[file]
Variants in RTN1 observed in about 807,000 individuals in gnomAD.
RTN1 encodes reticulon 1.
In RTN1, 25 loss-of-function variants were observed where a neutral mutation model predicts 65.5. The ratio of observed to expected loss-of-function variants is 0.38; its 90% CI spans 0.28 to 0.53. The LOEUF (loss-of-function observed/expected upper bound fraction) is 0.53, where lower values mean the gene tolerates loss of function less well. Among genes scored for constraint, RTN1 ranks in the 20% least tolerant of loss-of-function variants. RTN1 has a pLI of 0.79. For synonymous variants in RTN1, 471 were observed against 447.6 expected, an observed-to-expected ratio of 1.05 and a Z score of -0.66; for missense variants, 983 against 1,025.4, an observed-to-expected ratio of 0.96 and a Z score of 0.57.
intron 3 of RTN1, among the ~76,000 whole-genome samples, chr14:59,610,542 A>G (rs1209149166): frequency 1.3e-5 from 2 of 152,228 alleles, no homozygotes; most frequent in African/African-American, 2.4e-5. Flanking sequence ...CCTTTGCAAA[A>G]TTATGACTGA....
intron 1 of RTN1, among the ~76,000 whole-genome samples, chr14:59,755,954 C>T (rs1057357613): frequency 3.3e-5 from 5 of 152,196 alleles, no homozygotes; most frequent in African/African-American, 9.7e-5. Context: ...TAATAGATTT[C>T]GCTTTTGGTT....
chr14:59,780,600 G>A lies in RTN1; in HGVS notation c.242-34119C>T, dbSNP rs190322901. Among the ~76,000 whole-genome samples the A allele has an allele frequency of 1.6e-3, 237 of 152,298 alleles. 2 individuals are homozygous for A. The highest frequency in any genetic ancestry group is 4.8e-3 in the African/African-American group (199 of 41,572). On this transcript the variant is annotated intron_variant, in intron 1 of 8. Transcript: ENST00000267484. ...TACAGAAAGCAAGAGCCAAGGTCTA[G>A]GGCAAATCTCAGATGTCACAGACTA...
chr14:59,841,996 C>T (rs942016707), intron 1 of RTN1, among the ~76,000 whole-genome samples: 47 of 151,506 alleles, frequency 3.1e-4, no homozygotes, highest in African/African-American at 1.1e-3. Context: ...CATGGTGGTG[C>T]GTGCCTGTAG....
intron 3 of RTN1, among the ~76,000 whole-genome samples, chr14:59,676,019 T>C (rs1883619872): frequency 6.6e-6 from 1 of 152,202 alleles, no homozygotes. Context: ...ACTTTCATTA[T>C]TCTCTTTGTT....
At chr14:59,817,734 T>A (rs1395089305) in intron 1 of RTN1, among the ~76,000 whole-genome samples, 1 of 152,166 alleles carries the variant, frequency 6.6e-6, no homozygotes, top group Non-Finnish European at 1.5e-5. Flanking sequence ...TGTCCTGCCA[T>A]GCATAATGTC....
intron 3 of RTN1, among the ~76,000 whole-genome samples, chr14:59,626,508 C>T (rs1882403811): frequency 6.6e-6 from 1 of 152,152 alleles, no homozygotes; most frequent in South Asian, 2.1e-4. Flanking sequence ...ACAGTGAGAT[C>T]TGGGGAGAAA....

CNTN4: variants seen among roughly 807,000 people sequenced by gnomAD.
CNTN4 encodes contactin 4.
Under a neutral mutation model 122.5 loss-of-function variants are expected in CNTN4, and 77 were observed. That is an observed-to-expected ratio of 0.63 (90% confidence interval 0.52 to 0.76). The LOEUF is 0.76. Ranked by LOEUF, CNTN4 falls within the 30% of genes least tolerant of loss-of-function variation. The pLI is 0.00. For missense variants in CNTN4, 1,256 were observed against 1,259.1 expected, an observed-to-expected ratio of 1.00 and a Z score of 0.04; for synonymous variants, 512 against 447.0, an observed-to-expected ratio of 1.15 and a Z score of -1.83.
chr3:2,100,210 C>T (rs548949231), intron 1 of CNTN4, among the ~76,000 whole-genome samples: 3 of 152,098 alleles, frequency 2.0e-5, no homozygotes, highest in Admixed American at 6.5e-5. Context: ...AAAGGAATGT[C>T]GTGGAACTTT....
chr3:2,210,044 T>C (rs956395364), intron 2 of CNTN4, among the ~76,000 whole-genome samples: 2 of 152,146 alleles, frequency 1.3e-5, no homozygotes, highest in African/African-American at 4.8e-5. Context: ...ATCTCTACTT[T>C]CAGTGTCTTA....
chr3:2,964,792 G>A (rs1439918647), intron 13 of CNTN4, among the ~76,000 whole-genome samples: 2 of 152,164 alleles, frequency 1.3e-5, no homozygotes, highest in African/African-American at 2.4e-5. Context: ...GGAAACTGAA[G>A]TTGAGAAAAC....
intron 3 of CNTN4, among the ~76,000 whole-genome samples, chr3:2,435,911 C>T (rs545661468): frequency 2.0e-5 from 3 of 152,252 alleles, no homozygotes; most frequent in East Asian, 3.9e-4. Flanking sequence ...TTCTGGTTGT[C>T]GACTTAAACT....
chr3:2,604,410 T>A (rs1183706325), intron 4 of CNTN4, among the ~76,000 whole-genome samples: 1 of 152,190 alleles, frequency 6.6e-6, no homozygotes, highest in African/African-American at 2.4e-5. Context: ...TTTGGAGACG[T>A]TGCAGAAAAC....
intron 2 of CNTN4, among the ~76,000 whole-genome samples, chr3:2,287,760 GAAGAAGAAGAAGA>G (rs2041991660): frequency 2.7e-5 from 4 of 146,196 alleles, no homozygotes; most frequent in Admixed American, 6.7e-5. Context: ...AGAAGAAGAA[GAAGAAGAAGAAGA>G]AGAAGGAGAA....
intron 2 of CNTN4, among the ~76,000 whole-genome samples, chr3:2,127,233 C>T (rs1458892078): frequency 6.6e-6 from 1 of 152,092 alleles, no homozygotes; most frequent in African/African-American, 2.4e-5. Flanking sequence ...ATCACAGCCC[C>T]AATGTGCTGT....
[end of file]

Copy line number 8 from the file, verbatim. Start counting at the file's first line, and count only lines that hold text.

intron 3 of RTN1, among the ~76,000 whole-genome samples, chr14:59,676,019 T>C (rs1883619872): frequency 6.6e-6 from 1 of 152,202 alleles, no homozygotes. Context: ...ACTTTCATTA[T>C]TCTCTTTGTT....